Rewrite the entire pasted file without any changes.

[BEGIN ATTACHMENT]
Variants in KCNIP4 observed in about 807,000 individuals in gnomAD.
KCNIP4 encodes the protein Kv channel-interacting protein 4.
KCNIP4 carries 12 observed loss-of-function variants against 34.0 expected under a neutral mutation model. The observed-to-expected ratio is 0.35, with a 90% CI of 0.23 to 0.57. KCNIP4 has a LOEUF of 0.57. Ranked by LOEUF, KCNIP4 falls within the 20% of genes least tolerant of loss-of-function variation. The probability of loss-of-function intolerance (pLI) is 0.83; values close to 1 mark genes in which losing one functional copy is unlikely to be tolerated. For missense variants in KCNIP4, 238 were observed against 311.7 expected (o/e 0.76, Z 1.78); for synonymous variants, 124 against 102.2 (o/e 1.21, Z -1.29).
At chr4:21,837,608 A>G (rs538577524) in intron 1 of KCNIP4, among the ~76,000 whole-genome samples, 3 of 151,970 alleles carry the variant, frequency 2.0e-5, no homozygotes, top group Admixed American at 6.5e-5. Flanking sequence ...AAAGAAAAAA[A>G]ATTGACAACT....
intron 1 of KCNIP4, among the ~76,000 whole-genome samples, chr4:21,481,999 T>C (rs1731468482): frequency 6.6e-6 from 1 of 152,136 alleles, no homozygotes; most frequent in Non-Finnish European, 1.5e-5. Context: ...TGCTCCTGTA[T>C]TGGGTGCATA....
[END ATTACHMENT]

Variants in KCNIP4 observed in about 807,000 individuals in gnomAD.
KCNIP4 encodes the protein Kv channel-interacting protein 4.
KCNIP4 carries 12 observed loss-of-function variants against 34.0 expected under a neutral mutation model. The observed-to-expected ratio is 0.35, with a 90% CI of 0.23 to 0.57. KCNIP4 has a LOEUF of 0.57. Ranked by LOEUF, KCNIP4 falls within the 20% of genes least tolerant of loss-of-function variation. The probability of loss-of-function intolerance (pLI) is 0.83; values close to 1 mark genes in which losing one functional copy is unlikely to be tolerated. For missense variants in KCNIP4, 238 were observed against 311.7 expected (o/e 0.76, Z 1.78); for synonymous variants, 124 against 102.2 (o/e 1.21, Z -1.29).
At chr4:21,837,608 A>G (rs538577524) in intron 1 of KCNIP4, among the ~76,000 whole-genome samples, 3 of 151,970 alleles carry the variant, frequency 2.0e-5, no homozygotes, top group Admixed American at 6.5e-5. Flanking sequence ...AAAGAAAAAA[A>G]ATTGACAACT....
intron 1 of KCNIP4, among the ~76,000 whole-genome samples, chr4:21,481,999 T>C (rs1731468482): frequency 6.6e-6 from 1 of 152,136 alleles, no homozygotes; most frequent in Non-Finnish European, 1.5e-5. Context: ...TGCTCCTGTA[T>C]TGGGTGCATA....